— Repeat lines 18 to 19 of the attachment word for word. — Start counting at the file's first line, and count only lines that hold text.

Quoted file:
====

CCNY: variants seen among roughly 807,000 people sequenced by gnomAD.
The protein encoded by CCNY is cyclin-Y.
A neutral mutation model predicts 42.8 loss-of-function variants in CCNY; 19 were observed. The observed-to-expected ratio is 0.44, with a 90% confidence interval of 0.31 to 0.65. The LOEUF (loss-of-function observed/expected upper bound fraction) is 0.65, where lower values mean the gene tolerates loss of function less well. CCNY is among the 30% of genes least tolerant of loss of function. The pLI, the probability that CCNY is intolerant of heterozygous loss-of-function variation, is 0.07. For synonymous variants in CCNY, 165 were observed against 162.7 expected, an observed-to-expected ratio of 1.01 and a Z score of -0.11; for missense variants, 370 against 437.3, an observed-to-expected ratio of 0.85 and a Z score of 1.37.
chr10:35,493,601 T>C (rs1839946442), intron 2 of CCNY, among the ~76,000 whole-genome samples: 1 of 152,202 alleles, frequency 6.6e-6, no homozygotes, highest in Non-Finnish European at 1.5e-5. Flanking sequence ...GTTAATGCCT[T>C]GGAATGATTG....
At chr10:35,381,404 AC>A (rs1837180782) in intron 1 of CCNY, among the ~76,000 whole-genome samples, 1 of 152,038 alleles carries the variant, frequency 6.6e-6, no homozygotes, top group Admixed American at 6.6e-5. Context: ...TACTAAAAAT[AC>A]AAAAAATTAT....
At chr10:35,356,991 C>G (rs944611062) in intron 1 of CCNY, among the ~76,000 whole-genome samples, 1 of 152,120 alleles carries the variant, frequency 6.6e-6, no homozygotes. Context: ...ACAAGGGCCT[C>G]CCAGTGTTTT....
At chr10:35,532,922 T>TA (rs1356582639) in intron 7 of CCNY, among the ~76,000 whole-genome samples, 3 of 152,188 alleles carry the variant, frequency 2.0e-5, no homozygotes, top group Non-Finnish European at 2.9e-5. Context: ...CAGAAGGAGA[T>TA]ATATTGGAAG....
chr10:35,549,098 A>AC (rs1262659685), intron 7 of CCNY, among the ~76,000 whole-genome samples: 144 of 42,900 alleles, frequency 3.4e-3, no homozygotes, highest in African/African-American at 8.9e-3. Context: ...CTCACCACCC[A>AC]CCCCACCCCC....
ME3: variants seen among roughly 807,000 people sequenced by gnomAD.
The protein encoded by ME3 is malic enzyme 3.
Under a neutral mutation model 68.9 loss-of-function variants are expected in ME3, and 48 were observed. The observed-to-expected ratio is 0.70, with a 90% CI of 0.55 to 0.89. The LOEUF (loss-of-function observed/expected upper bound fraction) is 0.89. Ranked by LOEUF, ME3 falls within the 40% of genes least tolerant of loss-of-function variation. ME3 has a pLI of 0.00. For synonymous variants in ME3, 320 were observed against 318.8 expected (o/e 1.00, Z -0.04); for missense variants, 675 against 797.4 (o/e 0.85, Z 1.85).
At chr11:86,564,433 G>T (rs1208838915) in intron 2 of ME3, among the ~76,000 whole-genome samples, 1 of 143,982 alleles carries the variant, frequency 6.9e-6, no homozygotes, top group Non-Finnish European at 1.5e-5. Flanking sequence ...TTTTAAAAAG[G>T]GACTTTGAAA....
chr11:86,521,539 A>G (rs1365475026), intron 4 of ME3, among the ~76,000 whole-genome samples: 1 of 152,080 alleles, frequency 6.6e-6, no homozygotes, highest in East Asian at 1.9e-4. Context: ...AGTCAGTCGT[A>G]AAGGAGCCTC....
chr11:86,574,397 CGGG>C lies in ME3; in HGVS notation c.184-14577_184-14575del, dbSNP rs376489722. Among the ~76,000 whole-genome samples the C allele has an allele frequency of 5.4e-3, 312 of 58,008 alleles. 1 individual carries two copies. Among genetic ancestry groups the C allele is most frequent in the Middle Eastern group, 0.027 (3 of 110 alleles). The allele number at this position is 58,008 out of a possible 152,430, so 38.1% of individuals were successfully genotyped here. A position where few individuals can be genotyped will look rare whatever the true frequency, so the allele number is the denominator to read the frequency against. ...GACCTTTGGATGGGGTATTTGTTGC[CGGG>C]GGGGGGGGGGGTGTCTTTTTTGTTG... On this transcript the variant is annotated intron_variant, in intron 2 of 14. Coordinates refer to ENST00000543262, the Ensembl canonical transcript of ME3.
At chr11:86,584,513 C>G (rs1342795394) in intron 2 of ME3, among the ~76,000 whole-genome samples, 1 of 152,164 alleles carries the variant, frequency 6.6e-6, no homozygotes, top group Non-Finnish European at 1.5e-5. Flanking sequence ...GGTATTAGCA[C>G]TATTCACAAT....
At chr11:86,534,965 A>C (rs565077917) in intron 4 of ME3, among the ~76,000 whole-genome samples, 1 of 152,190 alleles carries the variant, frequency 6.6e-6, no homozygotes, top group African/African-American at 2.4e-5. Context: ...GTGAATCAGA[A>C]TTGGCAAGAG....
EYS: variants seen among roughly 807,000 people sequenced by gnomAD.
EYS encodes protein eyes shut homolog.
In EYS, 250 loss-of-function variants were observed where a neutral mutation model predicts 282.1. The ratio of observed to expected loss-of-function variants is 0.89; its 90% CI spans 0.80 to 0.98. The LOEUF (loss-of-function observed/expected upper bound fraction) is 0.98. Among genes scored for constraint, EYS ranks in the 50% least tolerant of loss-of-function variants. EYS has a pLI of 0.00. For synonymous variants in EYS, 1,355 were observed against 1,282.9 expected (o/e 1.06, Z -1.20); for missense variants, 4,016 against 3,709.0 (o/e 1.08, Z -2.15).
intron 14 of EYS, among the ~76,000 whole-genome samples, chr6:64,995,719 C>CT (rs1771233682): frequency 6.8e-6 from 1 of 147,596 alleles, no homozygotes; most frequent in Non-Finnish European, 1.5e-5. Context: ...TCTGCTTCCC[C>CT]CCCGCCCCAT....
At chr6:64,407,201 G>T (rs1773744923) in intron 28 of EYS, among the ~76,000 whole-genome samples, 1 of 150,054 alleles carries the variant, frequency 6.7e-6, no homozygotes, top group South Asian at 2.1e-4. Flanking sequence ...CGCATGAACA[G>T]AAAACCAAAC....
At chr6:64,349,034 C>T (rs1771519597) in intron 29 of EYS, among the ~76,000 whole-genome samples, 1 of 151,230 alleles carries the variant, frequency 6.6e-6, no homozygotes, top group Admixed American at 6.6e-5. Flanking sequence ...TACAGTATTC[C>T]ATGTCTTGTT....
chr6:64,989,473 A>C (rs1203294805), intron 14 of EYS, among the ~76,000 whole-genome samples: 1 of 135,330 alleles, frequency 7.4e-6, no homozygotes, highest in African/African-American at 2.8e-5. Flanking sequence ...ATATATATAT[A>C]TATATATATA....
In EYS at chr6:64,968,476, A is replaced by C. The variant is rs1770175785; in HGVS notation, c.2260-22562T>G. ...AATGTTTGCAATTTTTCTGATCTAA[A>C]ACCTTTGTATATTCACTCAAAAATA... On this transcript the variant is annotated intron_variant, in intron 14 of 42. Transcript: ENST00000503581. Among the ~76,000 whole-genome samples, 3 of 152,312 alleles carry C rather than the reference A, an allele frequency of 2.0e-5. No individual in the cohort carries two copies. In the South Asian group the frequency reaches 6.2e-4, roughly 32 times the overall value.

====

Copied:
EYS encodes protein eyes shut homolog.
In EYS, 250 loss-of-function variants were observed where a neutral mutation model predicts 282.1. The ratio of observed to expected loss-of-function variants is 0.89; its 90% CI spans 0.80 to 0.98. The LOEUF (loss-of-function observed/expected upper bound fraction) is 0.98. Among genes scored for constraint, EYS ranks in the 50% least tolerant of loss-of-function variants. EYS has a pLI of 0.00. For synonymous variants in EYS, 1,355 were observed against 1,282.9 expected (o/e 1.06, Z -1.20); for missense variants, 4,016 against 3,709.0 (o/e 1.08, Z -2.15).